Nazareth: Patrimony of Humanity? Muslim Stresses Mary as Model for Islam, Christianity NAZARETH – An international colloquium dedicated to Nazareth could be the first step toward officially declaring the city as patrimony of humanity, says the mayor of that locale. Ramiz Jaraisy, that city's mayor, said this after the Nov. 21-24 colloquium on "Nazareth: Archeology, History, and Cultural Patrimony," reported the Latin Patriarchate of Jerusalem. The initiative was organized by the Mary of Nazareth Association, the International Mary of Nazareth Center and the Nazareth Cultural and Tourism Association, with the support of the Israeli Commission for UNESCO (United Nations Educational, Scientific and 20

Cultural Organization), the French Cultural Center of Nazareth and the Italian Cultural Center of Haifa. Among the authorities attending this research session were the ambassador of France to Israel, Christophe Bigot, and the patriarchal vicar for Israel, Bishop Giacinto-Boulos Marcuzzo. In statements to ZENIT, Omar Massalah, Muslim secretary of the Mediterranean Peace Forum and author of the proposal that UNESCO declare Nazareth patrimony of humanity, explained that this "would be the best way to protect the city, to avoid transformation and modernization putting an end to Nazareth's soul." "Nazareth is a unique city," he affirmed. "It's necessary that Nazareth should become again a city that illumines the world." Massalah said, "The preparation of the dossier for UNESCO of Nazareth's candidature is a technical aspect being carried out in collaboration with the municipality of the city and the national Israeli commission concerned." He expressed his intention to speak with the Arab countries "to support the petition, as it is not an initiative with a political connotation, but a cultural issue." Massalah explained, "For the Mediterranean Peace Forum, with headquarters in Paris, which has organized its first session in Lecce, Italy, and is planning another in Brindisi, the objective is to promote a culture of peace and dialogue, particularly among believers, and more concretely, between Catholics and Muslims, as both have many values in common." He noted that the Virgin Mary, "who is venerated by Muslims, could play a role of rapprochement." "The Qur'an says that the Virgin Mary is the woman with the most virtues," Massalah said. "Muslims have great respect and veneration for her. I believe the Virgin is hope, peace, love and tenderness. It is necessary that she give out the values she represents." "With our forum, instead of putting the accent on elements that separate us we stress the elements that unite us," he added. Buried treasure In the opening address of the colloquium, Bishop Marcuzzo said that the richness and variety of the biblical, spiritual, cultural and historical dimensions of the city have only been explored by a very reduced number of its inhabitants, researchers and pilgrims. He added that Nazareth, with its prehistoric archeology and its modern European constructions, the first Judeo-Christian church and the crusades up to the Ottoman period, also represents for the Church a source and origin, as the place of the Incarnation. Though Nazareth is known by the whole world and has great symbolic content, its immense patrimony continues to be a buried treasure. The prelate reflected the enthusiasm of all the participants given Nazareth's richness, of which he said people must become aware. More than 20 participants -- Christians, Jews and Muslims -- gave interventions at the colloquium. Among them was Franciscan Father Eugenio Alliata, archeologist of the Studium Biblicum Franciscanum of Jerusalem; Pierre Perrier, specialist in Eastern oral traditions in the Gospel; and Renzo Ravagnan, professor of the Veneto Institute for Cultural Goods, which has restored many places of Nazareth, including the Grotto of the Annunciation. The experts presented the spatial and historical dimensions of Nazareth. They also addressed the present state and future plan of the archeological excavations, a plan for 21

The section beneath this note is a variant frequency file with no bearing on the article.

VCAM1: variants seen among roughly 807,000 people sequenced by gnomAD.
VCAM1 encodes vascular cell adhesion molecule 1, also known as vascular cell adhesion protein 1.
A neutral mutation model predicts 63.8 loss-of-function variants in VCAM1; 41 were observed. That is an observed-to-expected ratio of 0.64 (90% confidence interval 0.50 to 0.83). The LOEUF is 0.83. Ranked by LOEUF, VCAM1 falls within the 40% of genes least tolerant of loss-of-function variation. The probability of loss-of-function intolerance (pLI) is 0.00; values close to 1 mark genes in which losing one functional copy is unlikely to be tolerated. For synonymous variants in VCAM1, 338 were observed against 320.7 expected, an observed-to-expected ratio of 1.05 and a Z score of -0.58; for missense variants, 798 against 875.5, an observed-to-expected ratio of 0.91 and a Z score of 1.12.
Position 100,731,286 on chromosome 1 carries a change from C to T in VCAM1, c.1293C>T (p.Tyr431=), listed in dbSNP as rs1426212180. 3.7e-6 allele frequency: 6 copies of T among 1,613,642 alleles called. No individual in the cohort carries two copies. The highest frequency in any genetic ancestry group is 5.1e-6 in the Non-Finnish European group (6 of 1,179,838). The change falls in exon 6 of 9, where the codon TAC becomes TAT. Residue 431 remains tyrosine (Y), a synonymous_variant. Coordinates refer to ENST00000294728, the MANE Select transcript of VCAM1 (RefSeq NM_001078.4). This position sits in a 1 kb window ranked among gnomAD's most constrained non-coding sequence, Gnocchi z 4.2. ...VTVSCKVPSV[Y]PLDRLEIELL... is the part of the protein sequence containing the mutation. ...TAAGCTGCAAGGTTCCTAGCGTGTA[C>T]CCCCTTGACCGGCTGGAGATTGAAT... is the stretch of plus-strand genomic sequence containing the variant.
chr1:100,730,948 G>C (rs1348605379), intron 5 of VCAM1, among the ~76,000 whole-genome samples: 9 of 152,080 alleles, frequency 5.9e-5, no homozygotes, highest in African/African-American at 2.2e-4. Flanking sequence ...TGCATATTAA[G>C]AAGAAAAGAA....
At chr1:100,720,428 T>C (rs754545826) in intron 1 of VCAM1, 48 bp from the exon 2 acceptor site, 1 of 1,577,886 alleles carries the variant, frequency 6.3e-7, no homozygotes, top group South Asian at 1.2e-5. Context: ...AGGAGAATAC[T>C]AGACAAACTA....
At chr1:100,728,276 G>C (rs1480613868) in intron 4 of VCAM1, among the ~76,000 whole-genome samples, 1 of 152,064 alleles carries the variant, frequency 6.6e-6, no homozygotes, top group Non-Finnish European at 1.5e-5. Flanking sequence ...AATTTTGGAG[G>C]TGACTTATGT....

tourism, historical and artistic studies on the present basilica and the old church, the unknown pages of the 20th century history, the still mysterious origin of the name Nazareth and its numerous derivatives. The meeting also included a visit guided by Sharif Safadi to some of the local treasures, among them the 1st century Tomb of the Righteous, the facades and interiors of the great traditional Ottoman mansions, and Mary's Fountain (emblem of the city). The tour ended in a house, discovered last year near the International Mary of Nazareth Center, which dated back to Jesus' time. On behalf of the Israel Antiquities Authority, the director of the excavations, Yardenna Alexandre, said that the house can be dated without a doubt to the 1st century. Eternal message The Mary of Nazareth French association, which promoted the colloquium, gave an evaluation of the present state of historical and archeological knowledge on Nazareth, now that the building of the International Mary of Nazareth Center is finishing. It is scheduled to be opened on March 25. The purpose of this center, built near the basilica of the Annunciation, is to help others discover and love Nazareth, as well as its rich eternal message, above all regarding Mary of Nazareth, in the very place of the Annunciation and the Incarnation. The center's management, reception and biblical and spiritual formation will be entrusted to the Chemin Neuf Community. Deacon Marc Hodara of this community, coordinator of this project for years, recalled with gratitude the support received from the Churches of the Holy Land and the help of the important families of Nazareth. He also expressed gratitude toward Bishop Marcuzzo, who has supported the project from the beginning with great constancy and openness. Chemin Neuf Community, whose charism is to work for unity and reconciliation, highlighted the spirit of concord and good will of all the participants in the colloquium. The mayor of Nazareth closed the colloquium by expressing the hope that a book will be published of all the addresses given. He also announced the municipal plan to give a $10,000 annual grant to a researcher who will write a doctorate on Nazareth. The colloquium's organizers stressed the success of the meeting and expressed the hope to have another session next year. Bishop Marcuzzo said that "we began with the desire for a unitary knowledge on Nazareth and we have discovered the unity of Nazareth." With the contribution of Jesús Colina Zenit – 6 December 2010